Firefighters respond to corroded fire hydrant that burst Tuesday Afternoon in Calabasas

The+Los+Angeles+County+Fire+department+responds+to+the+burst+fire+hydrant+on+Tuesday%2C+March+23%2C+2021%2C+in+Calabasas%2C+CA.+Photo+credit%3A+Rachel+Franklin

The Los Angeles County Fire department responds to the burst fire hydrant on Tuesday, March 23, 2021, in Calabasas, CA. Photo credit: Rachel Franklin

By Rachel Franklin

On Tuesday afternoon, a fire hydrant burst at the crossroads of Mountain View Drive and Mureau Road in Calabasas.

According to Los Angeles County Sheriff’s Department Deputy Knott of the Lost Hills Station, the security guard working across the street at the gate of the Mountain Park Estates community, Adrian Alvarez, reported the burst hydrant to the police.

The hydrant was spewing water for about 30 minutes before Las Virgenes Municipal Water District (LVMWD) employees could shut off the hydrant’s water valve at about 12:52 p.m.

“I called around 12:15; I called Las Virgenes,” said Alvarez. “It just started gushing out.”

Shortly after Knott arrived on the scene, three firefighters from Los Angeles County Fire Department Station 125 arrived and attempted to shut off the underground water valve.

LASD
LACFD crews attempt to use a valve key to shut off the water value on a spewing hydrant on Tuesday, March, 23, 2021, in Calabasas, CA. The valve key was too short so the Las Virgenes Municipal Water District arrived with a longer valve key. Photo credit: Rachel Franklin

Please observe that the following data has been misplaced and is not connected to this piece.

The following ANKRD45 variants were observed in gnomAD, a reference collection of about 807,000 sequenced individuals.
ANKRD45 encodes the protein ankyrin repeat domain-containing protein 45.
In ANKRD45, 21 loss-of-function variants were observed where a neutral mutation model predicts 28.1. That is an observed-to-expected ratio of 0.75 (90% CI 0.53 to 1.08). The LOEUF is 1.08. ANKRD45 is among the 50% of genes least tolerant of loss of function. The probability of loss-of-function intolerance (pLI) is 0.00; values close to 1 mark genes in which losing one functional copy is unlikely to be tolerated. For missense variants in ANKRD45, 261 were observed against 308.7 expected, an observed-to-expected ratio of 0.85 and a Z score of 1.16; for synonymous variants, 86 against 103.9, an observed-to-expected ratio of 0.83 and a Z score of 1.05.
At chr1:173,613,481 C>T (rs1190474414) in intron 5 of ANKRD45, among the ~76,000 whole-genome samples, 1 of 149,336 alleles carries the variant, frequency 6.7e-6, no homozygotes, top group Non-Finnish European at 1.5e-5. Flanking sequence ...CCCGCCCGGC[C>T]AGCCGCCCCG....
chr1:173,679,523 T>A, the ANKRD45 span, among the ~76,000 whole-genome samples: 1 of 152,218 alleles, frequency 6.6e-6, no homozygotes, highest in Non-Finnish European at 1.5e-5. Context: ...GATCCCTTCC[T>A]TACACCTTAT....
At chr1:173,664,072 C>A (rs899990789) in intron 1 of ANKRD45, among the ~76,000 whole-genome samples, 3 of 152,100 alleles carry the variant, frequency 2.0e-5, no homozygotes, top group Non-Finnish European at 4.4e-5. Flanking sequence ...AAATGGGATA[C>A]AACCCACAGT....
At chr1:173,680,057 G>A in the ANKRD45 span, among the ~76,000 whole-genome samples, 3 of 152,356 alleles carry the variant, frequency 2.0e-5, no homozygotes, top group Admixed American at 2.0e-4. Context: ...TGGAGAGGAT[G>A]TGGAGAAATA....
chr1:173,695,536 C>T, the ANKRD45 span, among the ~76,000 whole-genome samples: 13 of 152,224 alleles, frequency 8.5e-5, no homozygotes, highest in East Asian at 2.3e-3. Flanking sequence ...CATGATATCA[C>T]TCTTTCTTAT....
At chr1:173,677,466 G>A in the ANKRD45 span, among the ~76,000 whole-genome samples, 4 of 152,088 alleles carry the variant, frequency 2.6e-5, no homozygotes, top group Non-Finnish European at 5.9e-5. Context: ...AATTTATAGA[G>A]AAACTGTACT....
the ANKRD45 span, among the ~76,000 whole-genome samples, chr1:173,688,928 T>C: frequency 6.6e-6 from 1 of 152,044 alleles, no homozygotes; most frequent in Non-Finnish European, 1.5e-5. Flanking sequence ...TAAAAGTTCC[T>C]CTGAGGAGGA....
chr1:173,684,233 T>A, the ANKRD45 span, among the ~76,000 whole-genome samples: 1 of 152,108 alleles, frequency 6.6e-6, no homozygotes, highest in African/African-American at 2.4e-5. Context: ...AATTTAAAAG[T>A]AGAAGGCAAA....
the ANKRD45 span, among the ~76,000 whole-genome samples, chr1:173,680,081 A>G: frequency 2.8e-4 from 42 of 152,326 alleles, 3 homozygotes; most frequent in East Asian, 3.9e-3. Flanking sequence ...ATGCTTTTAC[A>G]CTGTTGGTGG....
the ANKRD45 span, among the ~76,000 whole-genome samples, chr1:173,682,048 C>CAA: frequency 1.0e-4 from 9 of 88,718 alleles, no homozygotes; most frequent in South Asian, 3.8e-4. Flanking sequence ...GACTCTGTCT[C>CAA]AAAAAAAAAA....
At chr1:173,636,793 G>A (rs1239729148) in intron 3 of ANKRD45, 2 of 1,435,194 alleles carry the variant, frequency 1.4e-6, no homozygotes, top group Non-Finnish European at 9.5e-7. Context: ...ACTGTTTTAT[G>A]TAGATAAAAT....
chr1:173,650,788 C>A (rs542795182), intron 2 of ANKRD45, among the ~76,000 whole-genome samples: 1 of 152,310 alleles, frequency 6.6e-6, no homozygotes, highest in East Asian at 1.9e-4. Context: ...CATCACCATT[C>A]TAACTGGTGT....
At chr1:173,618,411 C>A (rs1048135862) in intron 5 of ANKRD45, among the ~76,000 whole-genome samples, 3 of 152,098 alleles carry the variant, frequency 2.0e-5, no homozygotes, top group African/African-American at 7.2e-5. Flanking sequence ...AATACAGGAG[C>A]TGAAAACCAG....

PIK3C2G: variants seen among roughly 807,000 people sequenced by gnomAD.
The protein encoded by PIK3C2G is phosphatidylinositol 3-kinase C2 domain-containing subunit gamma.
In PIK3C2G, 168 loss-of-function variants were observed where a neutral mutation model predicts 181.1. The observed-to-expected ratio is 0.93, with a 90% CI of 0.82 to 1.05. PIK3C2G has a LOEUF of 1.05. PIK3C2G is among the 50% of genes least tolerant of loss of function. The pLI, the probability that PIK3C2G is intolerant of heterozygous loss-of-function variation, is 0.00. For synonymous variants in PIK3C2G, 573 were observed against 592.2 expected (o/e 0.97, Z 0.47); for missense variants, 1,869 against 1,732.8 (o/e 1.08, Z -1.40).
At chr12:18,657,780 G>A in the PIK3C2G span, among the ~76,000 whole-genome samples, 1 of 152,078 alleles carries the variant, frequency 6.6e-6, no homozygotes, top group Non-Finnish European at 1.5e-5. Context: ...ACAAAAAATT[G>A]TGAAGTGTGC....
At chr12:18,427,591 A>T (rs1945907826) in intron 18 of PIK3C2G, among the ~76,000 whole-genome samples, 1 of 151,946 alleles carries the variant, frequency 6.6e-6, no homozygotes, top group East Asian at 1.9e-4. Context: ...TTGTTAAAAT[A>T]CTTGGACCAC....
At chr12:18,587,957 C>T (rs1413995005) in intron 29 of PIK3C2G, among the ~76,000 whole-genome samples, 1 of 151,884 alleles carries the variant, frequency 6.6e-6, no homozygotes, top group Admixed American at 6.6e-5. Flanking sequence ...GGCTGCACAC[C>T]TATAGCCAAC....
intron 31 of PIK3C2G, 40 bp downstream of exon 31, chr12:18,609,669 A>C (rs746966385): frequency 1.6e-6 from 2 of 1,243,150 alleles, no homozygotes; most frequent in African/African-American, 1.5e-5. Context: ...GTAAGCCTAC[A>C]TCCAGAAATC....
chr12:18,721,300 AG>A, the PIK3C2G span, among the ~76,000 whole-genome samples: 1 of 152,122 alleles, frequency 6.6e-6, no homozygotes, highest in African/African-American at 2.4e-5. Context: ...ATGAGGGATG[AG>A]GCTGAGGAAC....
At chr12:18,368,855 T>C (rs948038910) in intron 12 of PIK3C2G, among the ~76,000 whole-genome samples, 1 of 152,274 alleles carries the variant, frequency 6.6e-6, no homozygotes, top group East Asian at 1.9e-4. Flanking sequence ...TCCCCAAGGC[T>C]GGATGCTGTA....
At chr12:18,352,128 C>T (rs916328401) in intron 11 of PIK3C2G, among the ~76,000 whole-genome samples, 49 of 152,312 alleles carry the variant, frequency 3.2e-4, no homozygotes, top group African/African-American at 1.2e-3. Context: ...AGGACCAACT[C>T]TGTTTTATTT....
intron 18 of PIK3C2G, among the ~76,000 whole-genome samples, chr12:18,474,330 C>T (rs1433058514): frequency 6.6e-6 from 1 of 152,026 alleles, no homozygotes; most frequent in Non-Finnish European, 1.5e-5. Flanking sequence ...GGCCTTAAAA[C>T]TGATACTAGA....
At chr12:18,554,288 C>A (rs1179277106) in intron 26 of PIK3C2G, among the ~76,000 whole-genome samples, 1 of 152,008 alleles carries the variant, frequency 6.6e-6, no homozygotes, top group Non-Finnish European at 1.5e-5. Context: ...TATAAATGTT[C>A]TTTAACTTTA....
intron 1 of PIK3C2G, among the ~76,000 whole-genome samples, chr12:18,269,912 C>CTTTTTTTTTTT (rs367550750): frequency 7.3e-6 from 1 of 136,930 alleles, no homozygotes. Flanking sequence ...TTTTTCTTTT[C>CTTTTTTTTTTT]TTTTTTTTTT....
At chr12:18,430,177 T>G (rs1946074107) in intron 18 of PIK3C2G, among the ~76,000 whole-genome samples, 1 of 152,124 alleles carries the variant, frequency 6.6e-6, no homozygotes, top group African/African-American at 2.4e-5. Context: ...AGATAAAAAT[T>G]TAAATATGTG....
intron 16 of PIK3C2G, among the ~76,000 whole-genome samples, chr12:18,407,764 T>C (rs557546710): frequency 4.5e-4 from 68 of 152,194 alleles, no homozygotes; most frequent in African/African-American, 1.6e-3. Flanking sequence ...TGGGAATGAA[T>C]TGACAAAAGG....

According to Firefighter and Moorpark College student Tim Foy, their valve key was too short to be able to turn off the water. The fire hydrant was corroded, and the Las Virgenes Municipal Water District was contacted to help shut off the valve.

“I was supposed to be the one that was going to get drenched, so I took off my suit,” said Foy. “Luckily, the water is facing away from the street.”

Six LVMWD vehicles arrived on the scene roughly 10 minutes later. Deputy Knott directed traffic as LVMWD employees used a longer valve key to shut off the underground valve.

One of these employees, Andy Arenas, noted that this type of situation does not occur often.

“We don’t really know how it’s going to be fixed,” said Arenas. “We’ll have to do an investigation to see if a car hit it or if landscapers were working.”

LVMWD employees then used brooms to push dirt displaced by the water out of the intersection. A street sweeper helped clean as he drove through the road section.